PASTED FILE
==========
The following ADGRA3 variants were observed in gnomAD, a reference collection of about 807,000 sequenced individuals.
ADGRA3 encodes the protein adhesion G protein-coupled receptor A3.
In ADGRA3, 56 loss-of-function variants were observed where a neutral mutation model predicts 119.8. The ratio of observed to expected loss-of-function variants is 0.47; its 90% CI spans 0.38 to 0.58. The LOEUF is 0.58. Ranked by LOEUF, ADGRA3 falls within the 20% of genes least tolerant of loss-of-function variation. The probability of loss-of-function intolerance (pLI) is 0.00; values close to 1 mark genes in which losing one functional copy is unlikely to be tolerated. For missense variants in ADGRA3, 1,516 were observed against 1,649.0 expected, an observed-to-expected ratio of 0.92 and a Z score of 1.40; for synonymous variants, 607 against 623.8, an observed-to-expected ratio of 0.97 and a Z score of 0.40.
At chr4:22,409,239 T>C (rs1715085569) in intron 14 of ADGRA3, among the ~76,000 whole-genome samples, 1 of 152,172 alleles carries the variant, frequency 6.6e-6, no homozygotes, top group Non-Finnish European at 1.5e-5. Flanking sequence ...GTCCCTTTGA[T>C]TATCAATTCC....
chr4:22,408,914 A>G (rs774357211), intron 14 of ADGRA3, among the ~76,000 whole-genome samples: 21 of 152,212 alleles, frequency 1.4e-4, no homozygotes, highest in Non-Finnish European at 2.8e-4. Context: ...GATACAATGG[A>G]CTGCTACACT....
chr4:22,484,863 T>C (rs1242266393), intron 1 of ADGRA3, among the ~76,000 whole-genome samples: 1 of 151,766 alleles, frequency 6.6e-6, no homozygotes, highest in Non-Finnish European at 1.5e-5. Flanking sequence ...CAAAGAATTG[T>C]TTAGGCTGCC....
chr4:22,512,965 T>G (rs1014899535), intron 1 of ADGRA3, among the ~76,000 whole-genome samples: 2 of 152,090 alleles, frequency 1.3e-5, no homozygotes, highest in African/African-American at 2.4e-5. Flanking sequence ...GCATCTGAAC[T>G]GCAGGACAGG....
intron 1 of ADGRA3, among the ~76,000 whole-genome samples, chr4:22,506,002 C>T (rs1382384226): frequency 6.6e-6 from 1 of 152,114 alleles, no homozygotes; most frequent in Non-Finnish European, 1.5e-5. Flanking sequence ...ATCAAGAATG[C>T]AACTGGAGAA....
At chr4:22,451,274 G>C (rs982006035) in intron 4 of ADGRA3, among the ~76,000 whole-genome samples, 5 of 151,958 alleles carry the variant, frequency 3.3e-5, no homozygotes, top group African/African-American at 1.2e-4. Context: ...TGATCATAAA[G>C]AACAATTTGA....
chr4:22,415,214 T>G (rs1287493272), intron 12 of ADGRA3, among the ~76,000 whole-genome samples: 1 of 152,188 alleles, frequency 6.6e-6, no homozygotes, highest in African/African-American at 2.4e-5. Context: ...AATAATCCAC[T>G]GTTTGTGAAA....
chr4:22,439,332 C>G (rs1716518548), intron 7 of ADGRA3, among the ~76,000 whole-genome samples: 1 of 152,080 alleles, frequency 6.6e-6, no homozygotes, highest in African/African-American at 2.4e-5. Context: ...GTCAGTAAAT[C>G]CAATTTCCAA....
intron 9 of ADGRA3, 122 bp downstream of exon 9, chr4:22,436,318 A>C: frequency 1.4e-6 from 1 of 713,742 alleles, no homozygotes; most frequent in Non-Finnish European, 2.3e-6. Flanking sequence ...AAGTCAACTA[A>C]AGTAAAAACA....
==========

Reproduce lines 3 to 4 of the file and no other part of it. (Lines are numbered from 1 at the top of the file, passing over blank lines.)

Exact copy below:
In ADGRA3, 56 loss-of-function variants were observed where a neutral mutation model predicts 119.8. The ratio of observed to expected loss-of-function variants is 0.47; its 90% CI spans 0.38 to 0.58. The LOEUF is 0.58. Ranked by LOEUF, ADGRA3 falls within the 20% of genes least tolerant of loss-of-function variation. The probability of loss-of-function intolerance (pLI) is 0.00; values close to 1 mark genes in which losing one functional copy is unlikely to be tolerated. For missense variants in ADGRA3, 1,516 were observed against 1,649.0 expected, an observed-to-expected ratio of 0.92 and a Z score of 1.40; for synonymous variants, 607 against 623.8, an observed-to-expected ratio of 0.97 and a Z score of 0.40.
At chr4:22,409,239 T>C (rs1715085569) in intron 14 of ADGRA3, among the ~76,000 whole-genome samples, 1 of 152,172 alleles carries the variant, frequency 6.6e-6, no homozygotes, top group Non-Finnish European at 1.5e-5. Flanking sequence ...GTCCCTTTGA[T>C]TATCAATTCC....